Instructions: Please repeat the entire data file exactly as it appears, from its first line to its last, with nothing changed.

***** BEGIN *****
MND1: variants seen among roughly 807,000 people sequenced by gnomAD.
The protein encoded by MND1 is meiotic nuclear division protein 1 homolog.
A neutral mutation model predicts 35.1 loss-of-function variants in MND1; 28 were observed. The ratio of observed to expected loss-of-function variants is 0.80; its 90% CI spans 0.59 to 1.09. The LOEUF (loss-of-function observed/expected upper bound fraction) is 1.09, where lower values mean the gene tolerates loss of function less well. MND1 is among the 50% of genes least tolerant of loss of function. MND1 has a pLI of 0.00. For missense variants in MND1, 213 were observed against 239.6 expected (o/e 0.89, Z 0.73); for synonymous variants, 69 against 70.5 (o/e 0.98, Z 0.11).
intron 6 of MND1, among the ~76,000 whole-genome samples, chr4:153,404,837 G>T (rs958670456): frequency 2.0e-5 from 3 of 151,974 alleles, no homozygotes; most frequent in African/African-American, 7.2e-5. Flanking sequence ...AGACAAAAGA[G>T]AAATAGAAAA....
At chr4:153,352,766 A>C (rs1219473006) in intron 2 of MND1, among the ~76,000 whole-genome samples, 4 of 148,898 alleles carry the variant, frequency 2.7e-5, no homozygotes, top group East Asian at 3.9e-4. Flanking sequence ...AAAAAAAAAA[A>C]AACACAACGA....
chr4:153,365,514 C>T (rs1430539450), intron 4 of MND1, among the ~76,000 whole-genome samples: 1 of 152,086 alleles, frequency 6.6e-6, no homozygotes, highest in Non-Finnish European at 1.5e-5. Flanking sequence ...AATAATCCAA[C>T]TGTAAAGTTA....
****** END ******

MND1: variants seen among roughly 807,000 people sequenced by gnomAD.
The protein encoded by MND1 is meiotic nuclear division protein 1 homolog.
A neutral mutation model predicts 35.1 loss-of-function variants in MND1; 28 were observed. The ratio of observed to expected loss-of-function variants is 0.80; its 90% CI spans 0.59 to 1.09. The LOEUF (loss-of-function observed/expected upper bound fraction) is 1.09, where lower values mean the gene tolerates loss of function less well. MND1 is among the 50% of genes least tolerant of loss of function. MND1 has a pLI of 0.00. For missense variants in MND1, 213 were observed against 239.6 expected (o/e 0.89, Z 0.73); for synonymous variants, 69 against 70.5 (o/e 0.98, Z 0.11).
intron 6 of MND1, among the ~76,000 whole-genome samples, chr4:153,404,837 G>T (rs958670456): frequency 2.0e-5 from 3 of 151,974 alleles, no homozygotes; most frequent in African/African-American, 7.2e-5. Flanking sequence ...AGACAAAAGA[G>T]AAATAGAAAA....
At chr4:153,352,766 A>C (rs1219473006) in intron 2 of MND1, among the ~76,000 whole-genome samples, 4 of 148,898 alleles carry the variant, frequency 2.7e-5, no homozygotes, top group East Asian at 3.9e-4. Flanking sequence ...AAAAAAAAAA[A>C]AACACAACGA....
chr4:153,365,514 C>T (rs1430539450), intron 4 of MND1, among the ~76,000 whole-genome samples: 1 of 152,086 alleles, frequency 6.6e-6, no homozygotes, highest in Non-Finnish European at 1.5e-5. Flanking sequence ...AATAATCCAA[C>T]TGTAAAGTTA....